Moments after getting married to his much younger yoga instructor, Hollywood actor Alec Baldwin attacked a New York Daily News photographer outside a marriage license bureau in New York City this morning.

He then took to Twitter and claimed the photographer had come close to hitting him in the face with his camera.


But other photographers who witnessed the incident said Baldwin ran after the photographers, first grabbing Daily News photographer Jefferson Siegel before chasing Daily News photographer Marcus Santos and punching him in the chin.

According to the New York Daily News:

Veljic said the photographers were hardly in Baldwin’s face before the enraged actor went nuts.

“They were away from him,” said Veljic. “Then he starts running at them. Pushing, very angry, his hands up.”

It wasn’t Baldwin’s first clash with a cameraman — the combative Long Islander attacked a photographer outside his Central Park West home in 2010.

More recently, the angry actor was booted from an American Airlines flight after ignoring directions to turn off his iPad.

And he famously insulted his then-11-year-old daughter, Ireland, as “a rude, thoughtless little pig.”

Baldwin clearly did not get the sympathy from his fans that he expected because most of them showed outrage after they had the read the Daily News version of the events.

So that prompted him to compare himself to George Zimmerman in the Treyvon Martin case.


Hopefully, Baldwin will spend his honeymoon in jail.

UPDATE: The National Press Photographers Association, which usually limits itself to writing letters to police departments and politicians, fired off a strongly worded open letter to Baldwin over the incident.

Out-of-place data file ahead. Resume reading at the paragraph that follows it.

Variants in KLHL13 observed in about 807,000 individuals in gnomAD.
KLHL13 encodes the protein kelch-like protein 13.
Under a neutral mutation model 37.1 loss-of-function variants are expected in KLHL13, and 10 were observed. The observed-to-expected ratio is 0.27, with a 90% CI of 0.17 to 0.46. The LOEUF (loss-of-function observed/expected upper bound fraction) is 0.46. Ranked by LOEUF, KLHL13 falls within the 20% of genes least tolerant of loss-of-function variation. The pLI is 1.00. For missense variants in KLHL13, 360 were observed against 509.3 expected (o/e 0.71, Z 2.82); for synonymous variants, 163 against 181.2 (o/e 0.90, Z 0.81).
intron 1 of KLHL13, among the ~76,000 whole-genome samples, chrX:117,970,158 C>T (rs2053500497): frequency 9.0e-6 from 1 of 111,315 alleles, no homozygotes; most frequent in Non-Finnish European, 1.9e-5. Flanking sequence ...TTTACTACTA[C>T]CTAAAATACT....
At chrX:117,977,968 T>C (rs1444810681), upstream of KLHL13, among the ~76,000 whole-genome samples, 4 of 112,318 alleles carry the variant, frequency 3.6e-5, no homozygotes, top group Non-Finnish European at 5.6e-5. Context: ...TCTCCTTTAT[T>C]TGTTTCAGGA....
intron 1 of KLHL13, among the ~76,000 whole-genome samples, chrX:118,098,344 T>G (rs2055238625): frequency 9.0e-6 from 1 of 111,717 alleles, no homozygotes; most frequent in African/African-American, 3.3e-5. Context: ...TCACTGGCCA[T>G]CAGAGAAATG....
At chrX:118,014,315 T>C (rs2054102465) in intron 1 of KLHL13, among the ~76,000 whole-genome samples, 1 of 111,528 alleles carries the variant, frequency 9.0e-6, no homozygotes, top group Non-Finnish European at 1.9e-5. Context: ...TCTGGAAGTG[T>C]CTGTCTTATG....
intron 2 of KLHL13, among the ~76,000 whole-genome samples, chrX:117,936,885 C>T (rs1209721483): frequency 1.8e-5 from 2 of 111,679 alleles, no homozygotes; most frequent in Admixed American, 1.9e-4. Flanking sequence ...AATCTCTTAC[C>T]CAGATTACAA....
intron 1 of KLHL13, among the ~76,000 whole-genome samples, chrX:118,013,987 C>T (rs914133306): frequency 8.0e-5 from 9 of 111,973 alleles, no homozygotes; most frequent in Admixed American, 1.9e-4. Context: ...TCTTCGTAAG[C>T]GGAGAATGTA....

Today when you attacked photographers who were waiting outside the city Marriage License Bureau in New York City, it was not the first time that you’ve assaulted members of the very media who helped to make your name a household word. It’s been reported that after today’s incident you Tweeted, “A ‘photographer’ almost hit me in the face with his camera this morning. #allpaparazzishouldbewaterboarded.” You then continued to display your insensitivity by Tweeting, “I suppose if the offending paparazzi was wearing a hoodie and I shot him, it would all blow over …”.

Rather than make light of a national racial tragedy, I suggest that if you don’t want to be recognized when you go out in public it is you who should be wearing something over your head.

Eyewitnesses to today’s incident report that not only were the photographers not near you at the time you aggressively went after them, but that they were in retreat as you continued your unprovoked assault. Whether you like it or not, you are a public figure involved in a newsworthy event. And as you well know from your lifetime of celebrity public life, there is no expectation of privacy on a public street.

No one is really surprised that you continue to act in this manner, given past performances. But as a former photojournalist who is now general counsel for the National Press Photographers Association (NPPA), I object to your combative actions against photographers who were doing nothing more than waiting to take your photograph, an activity you’ve willingly participated in thousands of times, posing when you thought it was in your best interest.

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I am immersed in a legal case where I not only want to clear my criminal charges stemming from my arrest in January, but I want to sue the Miami-Dade Police Department for deleting my footage, which I was able to recover.

My goal is to set some type of precedent to ensure this does not happen as often as it does today where cops simply get away with it.

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